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The Royal Australian Air Force (RAAF) just received a shiny new toy, and it looks oh-so-good: the "Loyal Wingman" combat AI drone by Boeing.
Drones have already been a part of military equipment, but Boeing's Loyal Wingman is different, and it's impressive. It's a great day for Australia, as this is its first in-house aircraft in half a century.
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Not a toy drone
Australia's Loyal Wingman is anything but a toy, though. It's large enough so that it can accompany manned aircraft, and it's meant to improve the RAAF's power in defending its territory.
Hear from some of our #LoyalWingman teammates on their work supporting the @AusAirForce. pic.twitter.com/9krc0rptUV— Boeing Australia (@BoeingAustralia) May 5, 2020
"This a truly historic moment for our country and for Australian defense innovation," said Australian Prime Minister Scott Morrison. "The Loyal Wingman will be pivotal to exploring the critical capabilities our Air Force needs to protect our nation and its allies into the future."
Unlike regular military drones, Boeing's Loyal Wingman uses artificial intelligence (AI) to pilot the drone, instead of being controlled remotely. There is still some manual control, but this will be done through a minimal interface rather than a bulky conventional controller.
— Boeing Australia (@BoeingAustralia) May 5, 2020
The new drone was presented just on Tuesday morning to the RAAF and is but one of three prototypes that are currently being developed for this defense purpose. These drones are part of Boeing's Airpower Teaming System (ATS), and part of the Loyal Wingman Advanced Development Program.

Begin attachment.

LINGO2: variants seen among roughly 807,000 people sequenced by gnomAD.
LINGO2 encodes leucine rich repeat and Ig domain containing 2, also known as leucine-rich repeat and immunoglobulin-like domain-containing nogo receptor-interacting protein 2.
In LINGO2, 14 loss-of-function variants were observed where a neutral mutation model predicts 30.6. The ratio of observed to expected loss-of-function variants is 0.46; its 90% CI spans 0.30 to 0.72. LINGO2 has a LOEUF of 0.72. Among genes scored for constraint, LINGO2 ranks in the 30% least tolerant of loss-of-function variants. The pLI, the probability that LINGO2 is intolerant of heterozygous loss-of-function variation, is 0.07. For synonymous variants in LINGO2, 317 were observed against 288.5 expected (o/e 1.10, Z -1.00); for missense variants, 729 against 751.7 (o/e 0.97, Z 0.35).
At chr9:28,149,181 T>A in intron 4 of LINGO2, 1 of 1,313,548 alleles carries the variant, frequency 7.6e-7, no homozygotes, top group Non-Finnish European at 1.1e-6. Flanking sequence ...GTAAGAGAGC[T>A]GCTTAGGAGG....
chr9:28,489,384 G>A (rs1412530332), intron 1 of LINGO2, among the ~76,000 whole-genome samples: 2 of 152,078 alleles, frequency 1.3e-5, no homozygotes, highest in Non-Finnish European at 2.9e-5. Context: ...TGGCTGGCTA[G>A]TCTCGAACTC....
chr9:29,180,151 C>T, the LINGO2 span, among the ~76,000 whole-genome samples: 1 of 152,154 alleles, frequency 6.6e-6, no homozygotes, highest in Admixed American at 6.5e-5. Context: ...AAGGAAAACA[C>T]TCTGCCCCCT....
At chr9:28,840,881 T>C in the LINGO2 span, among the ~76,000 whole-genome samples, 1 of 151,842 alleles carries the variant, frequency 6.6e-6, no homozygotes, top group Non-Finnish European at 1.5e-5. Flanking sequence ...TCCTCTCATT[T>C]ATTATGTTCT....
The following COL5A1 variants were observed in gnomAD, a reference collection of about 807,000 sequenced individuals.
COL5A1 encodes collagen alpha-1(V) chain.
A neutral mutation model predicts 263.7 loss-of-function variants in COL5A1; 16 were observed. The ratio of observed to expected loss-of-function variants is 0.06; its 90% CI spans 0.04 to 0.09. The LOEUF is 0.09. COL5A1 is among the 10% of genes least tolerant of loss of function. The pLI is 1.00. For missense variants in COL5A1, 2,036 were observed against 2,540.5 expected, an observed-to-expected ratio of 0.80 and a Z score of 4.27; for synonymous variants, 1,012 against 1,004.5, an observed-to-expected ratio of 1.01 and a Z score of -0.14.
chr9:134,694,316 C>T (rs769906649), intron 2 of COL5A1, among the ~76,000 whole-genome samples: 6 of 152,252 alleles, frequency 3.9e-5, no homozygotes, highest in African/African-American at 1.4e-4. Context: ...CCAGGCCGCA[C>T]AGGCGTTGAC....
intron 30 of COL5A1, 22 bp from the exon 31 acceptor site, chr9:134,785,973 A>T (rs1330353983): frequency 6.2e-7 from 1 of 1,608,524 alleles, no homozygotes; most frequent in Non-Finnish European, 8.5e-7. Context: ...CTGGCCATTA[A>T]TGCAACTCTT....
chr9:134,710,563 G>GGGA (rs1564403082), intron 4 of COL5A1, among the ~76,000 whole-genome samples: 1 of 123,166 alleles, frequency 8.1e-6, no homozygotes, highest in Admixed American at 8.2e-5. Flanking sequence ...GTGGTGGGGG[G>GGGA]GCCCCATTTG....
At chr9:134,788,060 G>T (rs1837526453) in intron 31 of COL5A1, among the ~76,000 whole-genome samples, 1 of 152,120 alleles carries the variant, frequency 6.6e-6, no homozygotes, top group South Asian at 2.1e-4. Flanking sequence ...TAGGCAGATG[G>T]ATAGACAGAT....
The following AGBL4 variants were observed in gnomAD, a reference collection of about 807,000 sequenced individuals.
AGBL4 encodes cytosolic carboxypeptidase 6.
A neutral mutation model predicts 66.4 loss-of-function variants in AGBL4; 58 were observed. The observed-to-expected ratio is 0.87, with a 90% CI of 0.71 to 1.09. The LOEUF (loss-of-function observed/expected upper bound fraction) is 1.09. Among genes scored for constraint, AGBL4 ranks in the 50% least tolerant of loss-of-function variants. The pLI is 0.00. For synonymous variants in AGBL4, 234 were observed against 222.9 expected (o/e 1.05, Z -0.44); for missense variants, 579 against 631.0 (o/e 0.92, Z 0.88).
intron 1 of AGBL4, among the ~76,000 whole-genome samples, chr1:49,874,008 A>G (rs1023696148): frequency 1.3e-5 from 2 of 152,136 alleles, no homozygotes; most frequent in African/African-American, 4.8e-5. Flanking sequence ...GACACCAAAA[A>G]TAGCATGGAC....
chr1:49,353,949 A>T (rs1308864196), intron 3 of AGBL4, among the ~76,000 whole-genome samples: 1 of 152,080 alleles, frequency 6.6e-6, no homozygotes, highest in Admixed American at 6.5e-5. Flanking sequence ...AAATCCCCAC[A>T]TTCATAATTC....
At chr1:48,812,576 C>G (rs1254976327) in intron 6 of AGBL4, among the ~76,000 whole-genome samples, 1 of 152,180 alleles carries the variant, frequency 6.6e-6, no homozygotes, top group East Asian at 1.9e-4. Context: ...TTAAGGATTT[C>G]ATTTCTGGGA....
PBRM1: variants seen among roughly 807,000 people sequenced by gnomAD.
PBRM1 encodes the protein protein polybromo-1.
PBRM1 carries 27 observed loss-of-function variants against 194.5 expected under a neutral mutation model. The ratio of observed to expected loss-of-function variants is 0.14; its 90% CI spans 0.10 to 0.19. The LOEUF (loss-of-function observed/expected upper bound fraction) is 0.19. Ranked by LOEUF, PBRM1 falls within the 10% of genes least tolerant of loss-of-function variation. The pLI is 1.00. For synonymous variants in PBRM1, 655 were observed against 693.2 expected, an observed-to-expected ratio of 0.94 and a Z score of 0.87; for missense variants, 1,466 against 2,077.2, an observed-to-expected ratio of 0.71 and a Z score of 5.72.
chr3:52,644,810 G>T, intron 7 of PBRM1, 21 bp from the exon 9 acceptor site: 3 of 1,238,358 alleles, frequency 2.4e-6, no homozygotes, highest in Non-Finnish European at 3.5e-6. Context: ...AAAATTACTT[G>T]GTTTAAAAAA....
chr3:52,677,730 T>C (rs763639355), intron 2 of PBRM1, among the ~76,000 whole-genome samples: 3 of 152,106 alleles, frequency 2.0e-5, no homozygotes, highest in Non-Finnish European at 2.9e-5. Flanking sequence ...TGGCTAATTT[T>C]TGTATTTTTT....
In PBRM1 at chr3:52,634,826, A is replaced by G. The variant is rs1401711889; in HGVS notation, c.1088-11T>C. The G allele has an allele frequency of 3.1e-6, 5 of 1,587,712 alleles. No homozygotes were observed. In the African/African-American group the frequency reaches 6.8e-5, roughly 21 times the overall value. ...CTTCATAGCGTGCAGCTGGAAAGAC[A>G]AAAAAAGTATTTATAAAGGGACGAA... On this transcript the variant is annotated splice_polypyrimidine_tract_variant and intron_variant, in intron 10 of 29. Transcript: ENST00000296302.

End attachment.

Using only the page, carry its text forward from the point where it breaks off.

The RAAF will now carry out flight tests and demos to see how best to integrate these drones into their forces, so as to keep pilots safe by placing unmanned lower cost assets on the front lines during risky fights.
"Autonomy is a big element of this, as well as the incorporation of artificial intelligence. Those two elements combined enable us to support existing forces," explained Jerad Hayes, Boeing’s senior director for autonomous aviation and technology.
The first flight will be carried out later this year, and in the meantime "There’s a lot for us to figure out [on] what’s that right level of information feed and direction. One of the great benefits of working with the Royal Australian Air Force is having the real operators [give feedback]," said Shane Arnott, Boeing’s ATS program director.
"We don’t have all the answers yet. We have a lot of understanding through our surrogate simulator and surrogate testing that we’re doing, but we will prove that out."
Air Forces around the world could end up benefitting from such a drone.